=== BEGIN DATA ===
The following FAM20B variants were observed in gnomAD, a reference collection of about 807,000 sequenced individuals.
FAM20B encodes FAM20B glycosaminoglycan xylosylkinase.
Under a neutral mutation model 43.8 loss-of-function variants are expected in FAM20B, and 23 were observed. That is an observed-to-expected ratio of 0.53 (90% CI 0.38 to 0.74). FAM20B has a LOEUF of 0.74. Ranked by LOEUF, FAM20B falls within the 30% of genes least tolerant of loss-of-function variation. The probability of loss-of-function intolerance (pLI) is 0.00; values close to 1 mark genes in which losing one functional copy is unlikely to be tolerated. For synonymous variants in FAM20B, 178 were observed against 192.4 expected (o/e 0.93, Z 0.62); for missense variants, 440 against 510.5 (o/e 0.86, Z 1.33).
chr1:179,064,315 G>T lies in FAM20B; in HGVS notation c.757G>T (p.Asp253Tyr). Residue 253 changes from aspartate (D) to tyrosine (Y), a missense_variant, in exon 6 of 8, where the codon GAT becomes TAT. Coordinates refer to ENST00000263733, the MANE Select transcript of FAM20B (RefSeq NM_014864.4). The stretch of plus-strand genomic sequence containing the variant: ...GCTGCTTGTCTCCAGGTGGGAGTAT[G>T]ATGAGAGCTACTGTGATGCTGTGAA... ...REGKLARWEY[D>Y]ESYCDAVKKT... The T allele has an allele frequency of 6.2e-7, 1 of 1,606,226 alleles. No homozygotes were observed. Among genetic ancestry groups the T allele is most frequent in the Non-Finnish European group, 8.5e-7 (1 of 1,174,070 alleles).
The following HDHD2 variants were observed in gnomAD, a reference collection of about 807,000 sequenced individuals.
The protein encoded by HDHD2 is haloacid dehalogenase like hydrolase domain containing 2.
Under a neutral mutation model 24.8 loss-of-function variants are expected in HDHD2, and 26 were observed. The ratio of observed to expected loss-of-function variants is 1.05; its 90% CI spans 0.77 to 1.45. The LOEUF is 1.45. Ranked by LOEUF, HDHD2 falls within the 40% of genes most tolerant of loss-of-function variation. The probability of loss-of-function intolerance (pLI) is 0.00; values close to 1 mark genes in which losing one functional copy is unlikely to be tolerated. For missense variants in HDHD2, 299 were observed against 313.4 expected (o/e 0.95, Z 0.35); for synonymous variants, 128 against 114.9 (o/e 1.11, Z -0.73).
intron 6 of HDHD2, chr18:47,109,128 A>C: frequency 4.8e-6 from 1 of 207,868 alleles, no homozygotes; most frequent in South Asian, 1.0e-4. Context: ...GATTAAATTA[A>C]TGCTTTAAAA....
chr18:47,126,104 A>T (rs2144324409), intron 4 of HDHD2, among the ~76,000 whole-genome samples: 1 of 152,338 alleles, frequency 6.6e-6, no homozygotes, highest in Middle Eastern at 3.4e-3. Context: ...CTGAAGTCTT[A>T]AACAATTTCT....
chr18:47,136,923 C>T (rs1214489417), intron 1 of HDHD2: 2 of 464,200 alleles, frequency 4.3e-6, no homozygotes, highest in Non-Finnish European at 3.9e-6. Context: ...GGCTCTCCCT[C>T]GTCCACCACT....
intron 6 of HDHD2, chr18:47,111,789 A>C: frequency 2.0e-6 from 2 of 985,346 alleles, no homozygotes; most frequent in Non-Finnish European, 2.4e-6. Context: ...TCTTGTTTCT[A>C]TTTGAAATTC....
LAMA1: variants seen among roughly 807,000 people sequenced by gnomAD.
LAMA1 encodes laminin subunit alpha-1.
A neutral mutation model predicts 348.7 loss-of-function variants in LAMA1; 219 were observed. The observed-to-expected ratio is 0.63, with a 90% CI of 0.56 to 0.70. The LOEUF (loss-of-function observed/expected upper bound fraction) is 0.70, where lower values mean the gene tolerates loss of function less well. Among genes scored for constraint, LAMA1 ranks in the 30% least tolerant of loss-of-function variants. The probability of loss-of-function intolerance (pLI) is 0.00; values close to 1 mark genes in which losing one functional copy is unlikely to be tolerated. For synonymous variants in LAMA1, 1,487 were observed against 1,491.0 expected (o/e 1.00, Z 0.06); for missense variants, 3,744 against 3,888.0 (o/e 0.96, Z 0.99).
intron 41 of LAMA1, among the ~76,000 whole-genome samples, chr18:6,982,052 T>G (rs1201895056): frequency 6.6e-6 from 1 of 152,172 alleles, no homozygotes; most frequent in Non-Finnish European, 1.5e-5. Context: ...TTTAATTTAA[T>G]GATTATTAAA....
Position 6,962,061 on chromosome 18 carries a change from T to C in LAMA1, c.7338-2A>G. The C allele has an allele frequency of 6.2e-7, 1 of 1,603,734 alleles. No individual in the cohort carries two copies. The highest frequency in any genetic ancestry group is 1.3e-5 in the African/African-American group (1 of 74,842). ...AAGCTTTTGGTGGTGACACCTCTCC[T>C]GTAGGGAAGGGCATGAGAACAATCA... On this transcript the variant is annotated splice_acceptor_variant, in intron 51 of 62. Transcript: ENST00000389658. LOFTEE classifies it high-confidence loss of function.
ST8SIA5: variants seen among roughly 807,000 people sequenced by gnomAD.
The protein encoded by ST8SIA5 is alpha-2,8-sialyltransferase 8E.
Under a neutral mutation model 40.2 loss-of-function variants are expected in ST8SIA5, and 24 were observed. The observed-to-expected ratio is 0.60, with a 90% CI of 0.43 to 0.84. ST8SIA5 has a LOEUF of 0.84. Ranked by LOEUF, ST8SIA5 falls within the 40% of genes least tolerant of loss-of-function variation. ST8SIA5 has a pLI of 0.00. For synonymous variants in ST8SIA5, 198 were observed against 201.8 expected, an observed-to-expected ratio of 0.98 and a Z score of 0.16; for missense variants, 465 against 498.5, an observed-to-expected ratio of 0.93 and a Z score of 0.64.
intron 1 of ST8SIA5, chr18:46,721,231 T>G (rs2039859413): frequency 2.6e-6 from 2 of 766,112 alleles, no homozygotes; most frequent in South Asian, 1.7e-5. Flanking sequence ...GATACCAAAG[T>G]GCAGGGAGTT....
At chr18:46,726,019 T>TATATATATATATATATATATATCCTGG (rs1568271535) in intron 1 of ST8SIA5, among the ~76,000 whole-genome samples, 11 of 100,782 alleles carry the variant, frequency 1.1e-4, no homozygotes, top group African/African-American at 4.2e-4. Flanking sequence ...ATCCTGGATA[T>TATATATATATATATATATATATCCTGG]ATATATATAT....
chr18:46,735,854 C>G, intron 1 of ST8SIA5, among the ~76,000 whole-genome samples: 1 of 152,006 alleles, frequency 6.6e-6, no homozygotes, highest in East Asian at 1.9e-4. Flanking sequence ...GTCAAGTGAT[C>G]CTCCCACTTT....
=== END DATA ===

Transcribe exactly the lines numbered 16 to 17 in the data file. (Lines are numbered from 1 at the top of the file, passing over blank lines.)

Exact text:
Position 6,962,061 on chromosome 18 carries a change from T to C in LAMA1, c.7338-2A>G. The C allele has an allele frequency of 6.2e-7, 1 of 1,603,734 alleles. No individual in the cohort carries two copies. The highest frequency in any genetic ancestry group is 1.3e-5 in the African/African-American group (1 of 74,842). ...AAGCTTTTGGTGGTGACACCTCTCC[T>C]GTAGGGAAGGGCATGAGAACAATCA... On this transcript the variant is annotated splice_acceptor_variant, in intron 51 of 62. Transcript: ENST00000389658. LOFTEE classifies it high-confidence loss of function.
ST8SIA5: variants seen among roughly 807,000 people sequenced by gnomAD.